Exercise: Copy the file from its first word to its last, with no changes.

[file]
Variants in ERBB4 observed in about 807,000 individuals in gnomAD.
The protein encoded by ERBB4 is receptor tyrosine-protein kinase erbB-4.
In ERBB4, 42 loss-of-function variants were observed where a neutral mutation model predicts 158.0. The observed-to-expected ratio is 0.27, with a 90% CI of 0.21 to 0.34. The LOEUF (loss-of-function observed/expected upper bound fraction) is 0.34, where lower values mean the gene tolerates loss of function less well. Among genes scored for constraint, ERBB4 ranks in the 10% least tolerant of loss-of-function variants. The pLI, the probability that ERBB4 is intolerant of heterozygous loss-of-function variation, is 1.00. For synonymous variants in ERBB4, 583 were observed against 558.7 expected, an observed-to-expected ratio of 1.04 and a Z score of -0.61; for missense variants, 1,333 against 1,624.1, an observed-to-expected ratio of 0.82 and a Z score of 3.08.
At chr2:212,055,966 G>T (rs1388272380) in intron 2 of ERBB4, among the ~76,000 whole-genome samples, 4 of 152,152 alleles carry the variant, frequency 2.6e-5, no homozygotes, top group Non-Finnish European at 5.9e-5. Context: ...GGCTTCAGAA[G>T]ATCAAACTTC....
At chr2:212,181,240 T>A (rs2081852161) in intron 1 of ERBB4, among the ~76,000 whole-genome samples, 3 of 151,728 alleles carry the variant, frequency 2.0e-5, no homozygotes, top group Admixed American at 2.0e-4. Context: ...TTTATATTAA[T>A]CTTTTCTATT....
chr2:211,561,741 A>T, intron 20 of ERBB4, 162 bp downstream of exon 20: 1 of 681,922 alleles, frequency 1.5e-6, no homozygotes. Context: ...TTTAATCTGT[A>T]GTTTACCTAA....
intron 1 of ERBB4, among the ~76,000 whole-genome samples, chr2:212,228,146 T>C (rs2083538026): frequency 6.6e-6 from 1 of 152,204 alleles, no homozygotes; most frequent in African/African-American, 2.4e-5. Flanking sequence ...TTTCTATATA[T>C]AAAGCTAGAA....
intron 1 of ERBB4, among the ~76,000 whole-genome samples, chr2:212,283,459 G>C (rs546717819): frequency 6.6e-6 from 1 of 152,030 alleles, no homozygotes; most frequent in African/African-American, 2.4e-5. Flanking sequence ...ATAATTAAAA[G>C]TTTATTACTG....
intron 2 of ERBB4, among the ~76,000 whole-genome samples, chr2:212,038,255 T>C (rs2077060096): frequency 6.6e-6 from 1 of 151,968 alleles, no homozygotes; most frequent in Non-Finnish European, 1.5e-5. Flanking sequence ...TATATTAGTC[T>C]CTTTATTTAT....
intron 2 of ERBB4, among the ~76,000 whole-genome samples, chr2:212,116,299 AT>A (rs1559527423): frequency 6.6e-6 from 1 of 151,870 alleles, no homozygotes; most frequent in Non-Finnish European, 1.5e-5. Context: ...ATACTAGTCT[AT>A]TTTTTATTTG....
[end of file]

Variants in ERBB4 observed in about 807,000 individuals in gnomAD.
The protein encoded by ERBB4 is receptor tyrosine-protein kinase erbB-4.
In ERBB4, 42 loss-of-function variants were observed where a neutral mutation model predicts 158.0. The observed-to-expected ratio is 0.27, with a 90% CI of 0.21 to 0.34. The LOEUF (loss-of-function observed/expected upper bound fraction) is 0.34, where lower values mean the gene tolerates loss of function less well. Among genes scored for constraint, ERBB4 ranks in the 10% least tolerant of loss-of-function variants. The pLI, the probability that ERBB4 is intolerant of heterozygous loss-of-function variation, is 1.00. For synonymous variants in ERBB4, 583 were observed against 558.7 expected, an observed-to-expected ratio of 1.04 and a Z score of -0.61; for missense variants, 1,333 against 1,624.1, an observed-to-expected ratio of 0.82 and a Z score of 3.08.
At chr2:212,055,966 G>T (rs1388272380) in intron 2 of ERBB4, among the ~76,000 whole-genome samples, 4 of 152,152 alleles carry the variant, frequency 2.6e-5, no homozygotes, top group Non-Finnish European at 5.9e-5. Context: ...GGCTTCAGAA[G>T]ATCAAACTTC....
At chr2:212,181,240 T>A (rs2081852161) in intron 1 of ERBB4, among the ~76,000 whole-genome samples, 3 of 151,728 alleles carry the variant, frequency 2.0e-5, no homozygotes, top group Admixed American at 2.0e-4. Context: ...TTTATATTAA[T>A]CTTTTCTATT....
chr2:211,561,741 A>T, intron 20 of ERBB4, 162 bp downstream of exon 20: 1 of 681,922 alleles, frequency 1.5e-6, no homozygotes. Context: ...TTTAATCTGT[A>T]GTTTACCTAA....
intron 1 of ERBB4, among the ~76,000 whole-genome samples, chr2:212,228,146 T>C (rs2083538026): frequency 6.6e-6 from 1 of 152,204 alleles, no homozygotes; most frequent in African/African-American, 2.4e-5. Flanking sequence ...TTTCTATATA[T>C]AAAGCTAGAA....
intron 1 of ERBB4, among the ~76,000 whole-genome samples, chr2:212,283,459 G>C (rs546717819): frequency 6.6e-6 from 1 of 152,030 alleles, no homozygotes; most frequent in African/African-American, 2.4e-5. Flanking sequence ...ATAATTAAAA[G>C]TTTATTACTG....
intron 2 of ERBB4, among the ~76,000 whole-genome samples, chr2:212,038,255 T>C (rs2077060096): frequency 6.6e-6 from 1 of 151,968 alleles, no homozygotes; most frequent in Non-Finnish European, 1.5e-5. Flanking sequence ...TATATTAGTC[T>C]CTTTATTTAT....
intron 2 of ERBB4, among the ~76,000 whole-genome samples, chr2:212,116,299 AT>A (rs1559527423): frequency 6.6e-6 from 1 of 151,870 alleles, no homozygotes; most frequent in Non-Finnish European, 1.5e-5. Context: ...ATACTAGTCT[AT>A]TTTTTATTTG....